GeoDesign in Conservation Planning: Stakeholder Driven Geoprocessing through Greenprinting

Will Rogers, President, the Trust for Public Lands, presents "GeoDesign in Conservation Planning: Stakeholder Driven Geoprocessing through Greenprinting" at the 2010 GeoDesign Summit.

Aug 25th, 2010

Embed
Download
Transcript
480x270
960x540
Custom
Width:
Height:
Start From:
Player Color:

Right-click on these links to download and save this video.

Transcript

00:01Please join me in welcoming Will Rogers.

00:07Thanks Jack. Is a...yep, sounds like the mike's on.

00:11You know, a couple of people asked me if I'm related to "the" Will Rogers, the cowboy humorist.

00:16And you won't get rope tricks or cowboy humor out of me...

00:19...but I’m a firm subscriber in advice that he gave to a friend who once asked him, "What's the best investment I can make?"

00:27And his response was, "Buy land; they ain't makin' it anymore."

00:31And I've been working for an organization for the last 18 years that does just that...

00:37...and we work in the conservation real estate field in the marketplace and we have...

00:44...in our own way, been trying to move inland conservation away from being reactive into a more designed approach.

00:53And it's, this is a great opportunity for us to learn, here, from you all...

00:58...but also to thank Jack and his team and Esri for the partnership and the work they've done for us...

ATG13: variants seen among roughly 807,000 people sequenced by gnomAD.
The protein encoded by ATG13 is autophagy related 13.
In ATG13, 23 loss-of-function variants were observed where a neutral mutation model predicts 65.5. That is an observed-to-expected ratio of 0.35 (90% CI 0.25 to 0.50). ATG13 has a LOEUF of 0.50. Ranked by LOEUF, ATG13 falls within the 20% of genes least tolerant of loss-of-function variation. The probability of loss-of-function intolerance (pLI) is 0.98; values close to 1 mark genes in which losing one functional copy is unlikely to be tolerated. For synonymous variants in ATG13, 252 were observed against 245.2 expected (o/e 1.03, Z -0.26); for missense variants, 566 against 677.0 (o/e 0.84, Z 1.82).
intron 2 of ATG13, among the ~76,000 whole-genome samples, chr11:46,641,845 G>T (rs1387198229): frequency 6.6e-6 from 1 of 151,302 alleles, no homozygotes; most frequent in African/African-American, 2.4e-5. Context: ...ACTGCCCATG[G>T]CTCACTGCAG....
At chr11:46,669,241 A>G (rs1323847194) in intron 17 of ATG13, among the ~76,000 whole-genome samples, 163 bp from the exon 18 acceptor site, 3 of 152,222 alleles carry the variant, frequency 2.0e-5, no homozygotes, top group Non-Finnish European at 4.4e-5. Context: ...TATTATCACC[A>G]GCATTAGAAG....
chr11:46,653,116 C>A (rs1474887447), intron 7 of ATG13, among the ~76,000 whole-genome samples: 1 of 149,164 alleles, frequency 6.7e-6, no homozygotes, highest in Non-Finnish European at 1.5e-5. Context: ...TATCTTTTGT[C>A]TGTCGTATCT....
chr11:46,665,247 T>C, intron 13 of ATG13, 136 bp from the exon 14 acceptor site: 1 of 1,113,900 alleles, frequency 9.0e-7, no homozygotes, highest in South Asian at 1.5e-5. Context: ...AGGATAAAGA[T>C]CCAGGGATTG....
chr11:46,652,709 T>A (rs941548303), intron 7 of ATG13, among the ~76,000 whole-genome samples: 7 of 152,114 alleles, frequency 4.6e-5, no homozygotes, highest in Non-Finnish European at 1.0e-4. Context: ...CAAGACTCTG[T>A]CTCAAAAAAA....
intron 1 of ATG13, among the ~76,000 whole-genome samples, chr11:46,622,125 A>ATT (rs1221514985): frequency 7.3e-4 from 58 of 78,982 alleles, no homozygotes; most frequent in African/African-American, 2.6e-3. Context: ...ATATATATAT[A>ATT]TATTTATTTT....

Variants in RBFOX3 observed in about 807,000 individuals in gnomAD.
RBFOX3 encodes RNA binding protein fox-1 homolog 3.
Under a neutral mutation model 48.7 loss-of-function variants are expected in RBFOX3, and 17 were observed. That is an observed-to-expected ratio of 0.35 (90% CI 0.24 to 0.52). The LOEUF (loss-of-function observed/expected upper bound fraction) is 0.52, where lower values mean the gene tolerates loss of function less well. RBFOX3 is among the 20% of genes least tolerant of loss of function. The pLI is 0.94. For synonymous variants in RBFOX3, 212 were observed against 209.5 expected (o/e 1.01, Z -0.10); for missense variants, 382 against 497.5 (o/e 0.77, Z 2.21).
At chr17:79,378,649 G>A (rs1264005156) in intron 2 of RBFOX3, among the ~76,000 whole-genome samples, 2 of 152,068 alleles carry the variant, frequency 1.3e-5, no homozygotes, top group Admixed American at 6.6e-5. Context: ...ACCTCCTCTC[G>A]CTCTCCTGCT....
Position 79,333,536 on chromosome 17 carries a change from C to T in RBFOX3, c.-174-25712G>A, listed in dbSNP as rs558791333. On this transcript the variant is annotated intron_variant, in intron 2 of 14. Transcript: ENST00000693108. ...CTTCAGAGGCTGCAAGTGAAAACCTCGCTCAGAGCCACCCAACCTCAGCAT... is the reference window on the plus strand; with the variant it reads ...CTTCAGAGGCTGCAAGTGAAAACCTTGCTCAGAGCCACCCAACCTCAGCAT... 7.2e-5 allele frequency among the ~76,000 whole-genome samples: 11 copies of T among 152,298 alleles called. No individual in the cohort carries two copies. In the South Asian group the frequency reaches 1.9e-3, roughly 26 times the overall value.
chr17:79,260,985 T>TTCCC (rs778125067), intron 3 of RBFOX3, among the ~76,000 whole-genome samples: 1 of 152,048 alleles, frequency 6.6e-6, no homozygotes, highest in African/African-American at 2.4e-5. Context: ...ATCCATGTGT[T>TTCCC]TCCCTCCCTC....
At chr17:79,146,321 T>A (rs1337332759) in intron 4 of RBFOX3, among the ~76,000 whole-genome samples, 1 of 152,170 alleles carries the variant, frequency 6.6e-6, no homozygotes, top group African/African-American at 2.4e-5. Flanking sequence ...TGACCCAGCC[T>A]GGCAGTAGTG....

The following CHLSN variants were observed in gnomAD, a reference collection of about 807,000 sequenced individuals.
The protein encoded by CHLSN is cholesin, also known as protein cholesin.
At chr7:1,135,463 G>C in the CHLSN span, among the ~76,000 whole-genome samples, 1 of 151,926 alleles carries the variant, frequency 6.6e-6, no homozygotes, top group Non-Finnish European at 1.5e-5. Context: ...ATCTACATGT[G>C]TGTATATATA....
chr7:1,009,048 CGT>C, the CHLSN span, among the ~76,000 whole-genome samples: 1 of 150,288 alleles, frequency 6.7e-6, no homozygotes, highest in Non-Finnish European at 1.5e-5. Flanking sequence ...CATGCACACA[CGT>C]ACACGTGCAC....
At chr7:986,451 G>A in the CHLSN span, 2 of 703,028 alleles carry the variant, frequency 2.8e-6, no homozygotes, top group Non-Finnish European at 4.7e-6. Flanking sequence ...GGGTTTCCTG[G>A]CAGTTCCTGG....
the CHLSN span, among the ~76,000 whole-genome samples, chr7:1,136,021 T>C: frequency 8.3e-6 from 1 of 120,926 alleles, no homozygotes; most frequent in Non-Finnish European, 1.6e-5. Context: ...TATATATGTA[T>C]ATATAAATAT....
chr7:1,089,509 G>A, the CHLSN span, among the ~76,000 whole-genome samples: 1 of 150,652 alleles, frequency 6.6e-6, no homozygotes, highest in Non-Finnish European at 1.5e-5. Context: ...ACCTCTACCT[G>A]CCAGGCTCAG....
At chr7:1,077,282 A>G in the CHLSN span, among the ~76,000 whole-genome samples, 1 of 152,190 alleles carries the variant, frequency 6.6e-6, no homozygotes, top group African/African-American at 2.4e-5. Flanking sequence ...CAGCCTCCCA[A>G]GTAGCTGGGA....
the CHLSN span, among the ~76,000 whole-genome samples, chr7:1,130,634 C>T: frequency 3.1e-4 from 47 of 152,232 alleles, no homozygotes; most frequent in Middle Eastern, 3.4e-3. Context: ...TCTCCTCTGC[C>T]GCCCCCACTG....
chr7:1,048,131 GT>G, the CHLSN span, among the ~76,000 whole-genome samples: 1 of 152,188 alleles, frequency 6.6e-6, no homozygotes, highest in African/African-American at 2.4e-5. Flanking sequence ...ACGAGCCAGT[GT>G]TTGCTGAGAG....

01:03...to help us bring GIS technology into helping communities design and plan for their future.

01:11This is a Gary Larson cartoon of one of the projects we did up in the San Juan Islands, on Turtleback Mountain.

01:17But emergency room land conservation is really what the conservation community has been doing for so long.

01:23The bulldozers show up, the For Sale sign goes on the property, the phone rings off the hook.

01:28Actually these days, the phone is ringing off the hook because developers can no longer hold onto their entitled property...

01:34...so it's a different situation for a moment.

01:37But for years the conservation community has really been reacting to threats and challenges...

01:43...particularly if your focus is on people, as ours is, because our mission, Land for People...

01:49...really puts a focus on communities and the importance of the relationship between people and place...

01:55...recognizing that if we have healthy human communities and a healthy relationship with nature...

02:00...that's ultimately going to be good for all species.

02:03Let me talk for a minute about TPL and where I come from, just so you have some...

02:08...a context for what I want to talk about in terms of how we're using GIS for the design process.

02:14We're a national conservation organization. We work across the country.

02:18As I said, we're really in conservation real estate. We face two principal challenges.

02:25You know, and Tom you set a very broad canvas.

02:29I'm going deep in one aspect of this, but a lot of what we're facing is absolutely related to what you were talking about.